Could this disagreement in tense be corrected by replacing the word "can" with "could"?

Yes, if you were talking about the past. Tenses don't have to all agree with each other, as long as they are each appropriate to what you are trying to say.


Assuming that there really is such a saying about men with no teeth, there remain issues.

While men without teeth can't chew, nor can they bite. You're mixing a metaphor about a person who bit too much food with a simile about a person who is incapable of biting. There's no rule against mixing metaphors, but the point of a metaphor is to use the imagery to convey your meaning and convince your audience, while mixed metaphors evoke conflicting images and so befuddle and sound unconvincing.

Mixed metaphors can work well when either bringing two familiar metaphors together in a way that still makes both metaphorical and literal sense (this doesn't) or when funny (this isn't).

It's not wrong, but it's not good either.

Quantity is not an issue when it comes to chewing without teeth, so it doesn't make sense as a comparison.

And you're so unhappy with the phrasing yourself that you point out that it's not yours through both the quotes and the term proverbial which is understandable, but why use it at all then?

"I've bitten off more than I can chew" works much better.

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On the find-a-proverb front, here are some candidates that you might consider offering your detractors after the fact. From James Kelley, A Complete Collection of Scottish Proverbs Explained and Made Intelligible to the English (1721),

Never shew your teeth when you cannot bite.

[Explanation:] Never show your resentment when you cannot do it to purpose.

Never bite unless you make your teeth meet.

[Comment:] This, and the former, savour too much of malice and revenge. Vile unchristian vices. The more noble way is to forget and to forgive.

From Robert Christy, Proverbs, Maxims, and Phrases of All Ages (1887):

The toothless man envies those that can bite well. Latin.

From Charles Spurgeon, The Salt-cellars (1889):

Some do not bite because they have no teeth;/Some give a kiss but hate is underneath.

[Explanation:] Hatred has been often veiled where it still prevailed. In other cases it is held back by inability, and not by amiability.

From Wolfgang Mieder, The Prentice-Hall Encyclopedia of World Proverbs (1986):

He that has no teeth cannot crack nuts. American

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One must chew according to one's teeth. Norwegian

So you could claim that the proverbial "man with no teeth" is the guy in the American proverb who cannot crack nuts. (That saying also appears in Bartlett Whiting, Early American Proverbs and Proverbial Phrases (1977), citing William Cobbett, Porcupine (1795) as one place where it occurs.) Or you could invoke the toothless man in the Latin proverb who envies those who can bite well.

  • One could say "I never learnt to paint, and seeing my friend's exhibition, like the proverbial man with no teeth I envy those that can bite" and so on with the other sayings, but none of your finds seem relevant. – Jon Hanna Jan 5 '15 at 0:00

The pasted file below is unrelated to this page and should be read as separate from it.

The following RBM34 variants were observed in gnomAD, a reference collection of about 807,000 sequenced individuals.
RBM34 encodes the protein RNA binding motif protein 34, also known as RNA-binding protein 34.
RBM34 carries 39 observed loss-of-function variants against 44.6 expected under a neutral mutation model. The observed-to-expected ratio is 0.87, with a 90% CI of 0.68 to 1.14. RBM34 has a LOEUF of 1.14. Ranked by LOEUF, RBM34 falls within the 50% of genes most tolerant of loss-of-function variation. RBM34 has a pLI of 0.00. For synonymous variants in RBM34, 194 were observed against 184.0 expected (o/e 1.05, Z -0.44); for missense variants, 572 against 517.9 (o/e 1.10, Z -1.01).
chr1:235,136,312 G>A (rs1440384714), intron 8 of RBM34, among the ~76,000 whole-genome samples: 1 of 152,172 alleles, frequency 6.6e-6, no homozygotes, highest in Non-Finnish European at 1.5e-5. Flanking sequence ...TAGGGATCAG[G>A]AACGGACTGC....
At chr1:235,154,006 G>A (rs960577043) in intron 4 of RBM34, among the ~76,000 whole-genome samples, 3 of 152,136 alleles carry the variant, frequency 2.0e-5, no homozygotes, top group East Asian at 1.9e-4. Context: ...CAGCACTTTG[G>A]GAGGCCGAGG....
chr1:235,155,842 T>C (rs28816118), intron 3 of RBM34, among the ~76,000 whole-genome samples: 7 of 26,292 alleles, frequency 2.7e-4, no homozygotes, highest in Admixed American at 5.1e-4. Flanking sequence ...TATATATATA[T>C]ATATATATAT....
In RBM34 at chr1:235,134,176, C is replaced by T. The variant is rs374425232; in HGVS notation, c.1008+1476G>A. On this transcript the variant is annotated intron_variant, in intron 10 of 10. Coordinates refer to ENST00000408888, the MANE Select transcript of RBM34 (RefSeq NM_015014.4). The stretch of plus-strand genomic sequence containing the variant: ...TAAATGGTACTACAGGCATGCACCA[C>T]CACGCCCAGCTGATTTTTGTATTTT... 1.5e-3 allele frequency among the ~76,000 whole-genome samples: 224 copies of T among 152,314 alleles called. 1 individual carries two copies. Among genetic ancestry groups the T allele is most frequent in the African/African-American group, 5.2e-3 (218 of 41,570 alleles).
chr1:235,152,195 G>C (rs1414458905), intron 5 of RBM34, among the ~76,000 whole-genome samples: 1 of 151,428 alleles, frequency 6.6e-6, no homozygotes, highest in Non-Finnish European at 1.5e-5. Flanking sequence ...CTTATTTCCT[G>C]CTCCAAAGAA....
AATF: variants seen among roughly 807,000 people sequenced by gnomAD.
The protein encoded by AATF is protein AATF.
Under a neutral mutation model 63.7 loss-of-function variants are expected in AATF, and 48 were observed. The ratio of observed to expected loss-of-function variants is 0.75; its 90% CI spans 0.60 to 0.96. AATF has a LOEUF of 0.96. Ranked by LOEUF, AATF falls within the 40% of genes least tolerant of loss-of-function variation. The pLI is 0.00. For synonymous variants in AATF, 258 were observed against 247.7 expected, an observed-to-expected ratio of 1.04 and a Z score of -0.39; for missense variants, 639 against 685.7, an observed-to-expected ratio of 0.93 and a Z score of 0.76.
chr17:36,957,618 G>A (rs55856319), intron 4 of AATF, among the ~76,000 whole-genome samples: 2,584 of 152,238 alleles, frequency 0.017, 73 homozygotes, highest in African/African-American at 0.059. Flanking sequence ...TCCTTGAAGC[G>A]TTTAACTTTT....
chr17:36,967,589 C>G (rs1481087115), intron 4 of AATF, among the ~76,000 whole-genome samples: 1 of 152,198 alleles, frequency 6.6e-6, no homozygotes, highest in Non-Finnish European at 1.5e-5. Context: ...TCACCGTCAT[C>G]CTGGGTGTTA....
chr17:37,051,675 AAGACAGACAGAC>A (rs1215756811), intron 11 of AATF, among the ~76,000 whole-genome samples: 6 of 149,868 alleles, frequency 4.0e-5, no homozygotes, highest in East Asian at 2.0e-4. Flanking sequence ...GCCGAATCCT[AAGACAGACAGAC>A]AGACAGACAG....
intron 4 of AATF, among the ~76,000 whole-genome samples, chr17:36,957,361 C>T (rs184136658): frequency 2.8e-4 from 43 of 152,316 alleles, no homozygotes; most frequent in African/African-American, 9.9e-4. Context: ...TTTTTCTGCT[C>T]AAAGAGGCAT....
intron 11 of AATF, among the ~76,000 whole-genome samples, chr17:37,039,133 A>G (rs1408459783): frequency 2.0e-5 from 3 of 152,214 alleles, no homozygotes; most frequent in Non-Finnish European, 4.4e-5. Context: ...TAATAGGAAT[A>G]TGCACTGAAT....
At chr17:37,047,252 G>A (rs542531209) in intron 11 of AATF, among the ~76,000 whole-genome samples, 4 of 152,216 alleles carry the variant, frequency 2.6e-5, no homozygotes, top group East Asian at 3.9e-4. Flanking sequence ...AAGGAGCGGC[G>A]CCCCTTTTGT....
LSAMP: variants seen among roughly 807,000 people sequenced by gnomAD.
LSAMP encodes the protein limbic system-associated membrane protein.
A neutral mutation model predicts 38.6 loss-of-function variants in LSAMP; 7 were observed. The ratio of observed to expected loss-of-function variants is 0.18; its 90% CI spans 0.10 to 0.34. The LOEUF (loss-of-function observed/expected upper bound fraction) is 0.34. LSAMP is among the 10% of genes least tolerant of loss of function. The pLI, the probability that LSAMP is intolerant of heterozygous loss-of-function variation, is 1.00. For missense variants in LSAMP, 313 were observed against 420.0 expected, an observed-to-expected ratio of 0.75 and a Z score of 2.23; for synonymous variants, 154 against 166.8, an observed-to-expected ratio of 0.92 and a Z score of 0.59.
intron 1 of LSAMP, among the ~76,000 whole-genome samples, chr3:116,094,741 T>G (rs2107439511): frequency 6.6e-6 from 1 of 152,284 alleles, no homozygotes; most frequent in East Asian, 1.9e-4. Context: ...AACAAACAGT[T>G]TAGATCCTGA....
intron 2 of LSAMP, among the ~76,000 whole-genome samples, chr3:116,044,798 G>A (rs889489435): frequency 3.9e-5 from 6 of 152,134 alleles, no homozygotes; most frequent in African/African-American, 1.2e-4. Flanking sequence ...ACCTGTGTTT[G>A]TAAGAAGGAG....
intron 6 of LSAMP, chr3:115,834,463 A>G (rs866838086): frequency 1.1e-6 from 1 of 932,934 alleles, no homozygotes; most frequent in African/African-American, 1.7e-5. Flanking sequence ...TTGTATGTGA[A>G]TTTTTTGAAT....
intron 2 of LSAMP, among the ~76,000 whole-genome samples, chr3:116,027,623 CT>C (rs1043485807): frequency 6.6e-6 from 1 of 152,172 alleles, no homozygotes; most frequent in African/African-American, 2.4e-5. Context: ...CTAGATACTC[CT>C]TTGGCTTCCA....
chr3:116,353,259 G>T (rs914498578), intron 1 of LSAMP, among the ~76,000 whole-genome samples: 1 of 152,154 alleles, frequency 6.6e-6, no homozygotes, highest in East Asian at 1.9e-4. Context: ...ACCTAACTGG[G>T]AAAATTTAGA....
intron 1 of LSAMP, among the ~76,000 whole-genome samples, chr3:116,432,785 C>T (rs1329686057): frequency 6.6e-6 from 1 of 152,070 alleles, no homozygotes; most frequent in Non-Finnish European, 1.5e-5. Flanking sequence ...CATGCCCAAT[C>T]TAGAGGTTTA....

• @JonHanna: I should have made clear that my answer was strictly directed toward the assertion in the OP's question "(1) There is no well-known proverb or parable that features a man with no teeth." So I set myself the task of seeing whether there were any arguably well-known proverbs involving a man with no teeth. Whether the ones I found were in fact "well known" is debatable, but they certainly feature toothless people. Having said that, I agree that the ones I found aren't particularly relevant to the comment that the OP made to his coworkers, so perhaps I shouldn't have posted anything... – Sven Yargs Jan 5 '15 at 0:38
  • ...but I thought that you had dealt with the main issues fairly thoroughly, and I was intrigued by the assertion that there were no proverbs about a man with no teeth. In any case, your answer deserved to be upvoted, as it has been, and mine probably did not, as it hasn't. – Sven Yargs Jan 5 '15 at 0:41
  • How about -1 for not directly answering the question, but +1 to cancel that since you could hardly have fitted it into a comment, and another +1 because it's good stuff :) – Jon Hanna Jan 5 '15 at 0:55
  • You are too kind. Too often I get excited about some peripheral aspect of a question, and I write it up—and it really isn't relevant to what the OP wants to know. Sometimes, a bracing, admonitory slap in the face is just what I need. – Sven Yargs Jan 5 '15 at 1:00
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I'll bite.

A man with no teeth can neither bite nor chew.

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    Thus, he wouldn't try to bite off anything. By using this metaphor, OP admits to being incapable of tackling any project; arguably not the impression he meant to convey. This is the substantive grounds on which co-workers could have objected, but apparently they didn't, instead seizing on the supposed ungrammaticality and unrelated quibbles. – Brian Hitchcock Jan 5 '15 at 7:13
  • The toothless man bit off more than he could chew. Sounds like something anchorman Ron Burgundy might practice saying in his warm-up routine. – TRomano Jan 5 '15 at 12:38
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(1) There is no well-known proverb or parable that features a man with no teeth:

That is a valid objection.

(2) "Man with no teeth" shouldn't be in quotes.

Likewise

It's not a movie title.

But this is stupid. Movie titles are not the only thing you put in quotation marks.

(3) A man with no teeth cannot chew.

I agree.

(4) The word "bit" should be changed to "bitten."

Correct. In modern English the past participle of “bite” is “bitten”.

(5) The word "bit" is past tense but "can" is present tense.

The main verb in your sentence in “may” (present tense). “Can” is in the same tense and is correct.

  • 'In modern English the past participle of “bite” is “bitten”.' You claim to know better than AHDEL and Collins, both corpus-based dictionaries. – Edwin Ashworth Jan 4 '15 at 23:36
  • The OED calls the participle bit "archaic". – fdb Jan 4 '15 at 23:40
  • These Google Ngrams don't seem to endorse that. Though 'was bitten' is the most usual (and the version I'd use), 'I got bit by' figures more prominently than 'I got bitten by' – and the results hardly suggest that the past participle bit is rarely used. – Edwin Ashworth Jan 4 '15 at 23:57